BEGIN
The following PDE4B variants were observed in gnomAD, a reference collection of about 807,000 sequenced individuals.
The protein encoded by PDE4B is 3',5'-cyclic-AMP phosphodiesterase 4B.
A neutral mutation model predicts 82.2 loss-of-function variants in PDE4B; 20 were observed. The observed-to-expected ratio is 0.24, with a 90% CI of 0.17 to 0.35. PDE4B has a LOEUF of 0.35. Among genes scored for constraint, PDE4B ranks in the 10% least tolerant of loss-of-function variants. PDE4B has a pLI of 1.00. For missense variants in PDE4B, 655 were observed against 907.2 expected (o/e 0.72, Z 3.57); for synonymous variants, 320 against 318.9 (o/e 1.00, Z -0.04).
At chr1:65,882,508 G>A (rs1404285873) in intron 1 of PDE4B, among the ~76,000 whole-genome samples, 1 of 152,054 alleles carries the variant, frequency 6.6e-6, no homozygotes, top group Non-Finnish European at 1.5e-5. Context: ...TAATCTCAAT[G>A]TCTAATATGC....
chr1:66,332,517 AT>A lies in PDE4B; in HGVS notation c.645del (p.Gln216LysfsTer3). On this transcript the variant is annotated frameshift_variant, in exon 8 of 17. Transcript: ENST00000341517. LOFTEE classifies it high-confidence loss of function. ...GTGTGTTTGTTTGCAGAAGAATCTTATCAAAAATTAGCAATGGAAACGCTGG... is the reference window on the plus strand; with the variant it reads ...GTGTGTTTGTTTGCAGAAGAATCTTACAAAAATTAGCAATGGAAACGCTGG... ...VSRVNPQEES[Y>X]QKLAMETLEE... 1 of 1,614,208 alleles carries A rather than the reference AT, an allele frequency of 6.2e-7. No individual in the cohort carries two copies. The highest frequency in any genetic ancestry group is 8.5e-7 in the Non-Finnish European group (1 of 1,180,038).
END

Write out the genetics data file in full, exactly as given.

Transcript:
The following PDE4B variants were observed in gnomAD, a reference collection of about 807,000 sequenced individuals.
The protein encoded by PDE4B is 3',5'-cyclic-AMP phosphodiesterase 4B.
A neutral mutation model predicts 82.2 loss-of-function variants in PDE4B; 20 were observed. The observed-to-expected ratio is 0.24, with a 90% CI of 0.17 to 0.35. PDE4B has a LOEUF of 0.35. Among genes scored for constraint, PDE4B ranks in the 10% least tolerant of loss-of-function variants. PDE4B has a pLI of 1.00. For missense variants in PDE4B, 655 were observed against 907.2 expected (o/e 0.72, Z 3.57); for synonymous variants, 320 against 318.9 (o/e 1.00, Z -0.04).
At chr1:65,882,508 G>A (rs1404285873) in intron 1 of PDE4B, among the ~76,000 whole-genome samples, 1 of 152,054 alleles carries the variant, frequency 6.6e-6, no homozygotes, top group Non-Finnish European at 1.5e-5. Context: ...TAATCTCAAT[G>A]TCTAATATGC....
chr1:66,332,517 AT>A lies in PDE4B; in HGVS notation c.645del (p.Gln216LysfsTer3). On this transcript the variant is annotated frameshift_variant, in exon 8 of 17. Transcript: ENST00000341517. LOFTEE classifies it high-confidence loss of function. ...GTGTGTTTGTTTGCAGAAGAATCTTATCAAAAATTAGCAATGGAAACGCTGG... is the reference window on the plus strand; with the variant it reads ...GTGTGTTTGTTTGCAGAAGAATCTTACAAAAATTAGCAATGGAAACGCTGG... ...VSRVNPQEES[Y>X]QKLAMETLEE... 1 of 1,614,208 alleles carries A rather than the reference AT, an allele frequency of 6.2e-7. No individual in the cohort carries two copies. The highest frequency in any genetic ancestry group is 8.5e-7 in the Non-Finnish European group (1 of 1,180,038).